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Why is Amazon loaning its sellers money?

Aaron Schrank Jul 13, 2017
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Amazon has won the rights to stream "Thursday Night Football" for the upcoming NFL season. Above, founder and CEO Jeff Bezos.
David Ryder/Getty Images

Peter Pajitnov’s stock of about 15,000 specialty lightbulbs is currently sitting in an Amazon warehouse. His business, Bulb Nanny, does $250,000 in sales each year, mostly on Amazon. A few years ago, Amazon asked Pajitnov if he wanted to borrow money from the company too.

“They knew exactly how much I was withdrawing every two weeks through their system, and the amount they offered me was very much based on those volumes,” Pajitnov said.

Bulb Nanny is one of more than 20,000 small businesses that have borrowed from Amazon. The company is lending more than ever recently — with $1 billion in loans over the past year. Amazon has lent a total of about $3 billion since it launched its lending program in 2011.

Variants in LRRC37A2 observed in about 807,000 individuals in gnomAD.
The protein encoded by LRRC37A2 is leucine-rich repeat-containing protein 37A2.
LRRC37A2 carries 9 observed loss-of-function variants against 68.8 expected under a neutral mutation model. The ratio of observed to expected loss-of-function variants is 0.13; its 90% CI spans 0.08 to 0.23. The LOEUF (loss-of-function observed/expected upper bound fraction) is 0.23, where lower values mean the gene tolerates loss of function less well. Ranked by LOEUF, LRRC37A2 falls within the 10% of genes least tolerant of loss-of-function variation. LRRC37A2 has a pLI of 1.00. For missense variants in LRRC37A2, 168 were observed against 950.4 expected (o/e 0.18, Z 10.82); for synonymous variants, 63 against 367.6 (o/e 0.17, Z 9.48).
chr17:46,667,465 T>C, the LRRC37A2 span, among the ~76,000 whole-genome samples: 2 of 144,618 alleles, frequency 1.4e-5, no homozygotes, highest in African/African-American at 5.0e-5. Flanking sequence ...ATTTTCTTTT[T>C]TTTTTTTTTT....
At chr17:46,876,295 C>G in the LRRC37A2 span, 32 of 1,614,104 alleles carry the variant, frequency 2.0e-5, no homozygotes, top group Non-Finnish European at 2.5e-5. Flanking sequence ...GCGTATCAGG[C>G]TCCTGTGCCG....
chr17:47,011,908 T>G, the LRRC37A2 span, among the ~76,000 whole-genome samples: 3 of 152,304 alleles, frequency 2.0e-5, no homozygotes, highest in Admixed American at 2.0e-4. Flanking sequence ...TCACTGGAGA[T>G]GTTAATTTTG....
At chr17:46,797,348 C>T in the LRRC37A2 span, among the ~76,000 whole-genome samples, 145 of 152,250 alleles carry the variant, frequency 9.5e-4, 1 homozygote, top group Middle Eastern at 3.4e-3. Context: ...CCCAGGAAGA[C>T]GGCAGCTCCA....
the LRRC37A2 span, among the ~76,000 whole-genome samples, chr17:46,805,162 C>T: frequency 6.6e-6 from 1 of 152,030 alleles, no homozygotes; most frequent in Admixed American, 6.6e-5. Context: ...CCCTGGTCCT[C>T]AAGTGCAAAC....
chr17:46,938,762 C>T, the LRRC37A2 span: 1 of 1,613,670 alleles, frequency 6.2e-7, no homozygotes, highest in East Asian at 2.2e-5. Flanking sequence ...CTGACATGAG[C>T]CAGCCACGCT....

Pajitnov borrowed a thousand dollars, and eventually, the $19,000 he needed to buy out a competitor. The loan application was a page long.

“It took less than a minute probably to finally pull the trigger and get it,” Pajitnov said. “It was as easy as that.”

A company spokesman highlighted the program in a 2014 promotional video.

“Instead of going to a bank, having interviews, audited financial statements, a three week process and then only a small fraction of people getting approved, our process is literally three fields and three clicks.” he said.

Amazon has a lot of real-time data on its sellers’ businesses, unlike traditional lenders.

“That gives them a lot of very good information about who to lend money to and where they will get the best return on that,” said Gil Luria, director of research at financial services company D.A. Davidson & Co.

Amazon’s loan program is invite-only, so the company can cherry-pick borrowers. Amazon collects interest on the loans.

“They also get the benefit of sellers being able to sell more on Amazon,” Luria said

Amazon gets a cut of all sales on its marketplace platform. Still, Luria says it’s always risky to lend money to small businesses.

“The rates that Amazon charges are quite high, and that’s because of that risk,” Luria said.

Peter Pajitnov was charged between 12 and 14 percent interest on his loans. That’s one reason he says Bulb Nanny hasn’t borrowed from Amazon since — but not the only reason.

“All of my inventory sitting at the warehouse would have been at risk for pretty much instant repossession if they needed to go after me.”

Pajitnov says for now, he’ll use his business credit cards for capital, and Amazon, for everything else.

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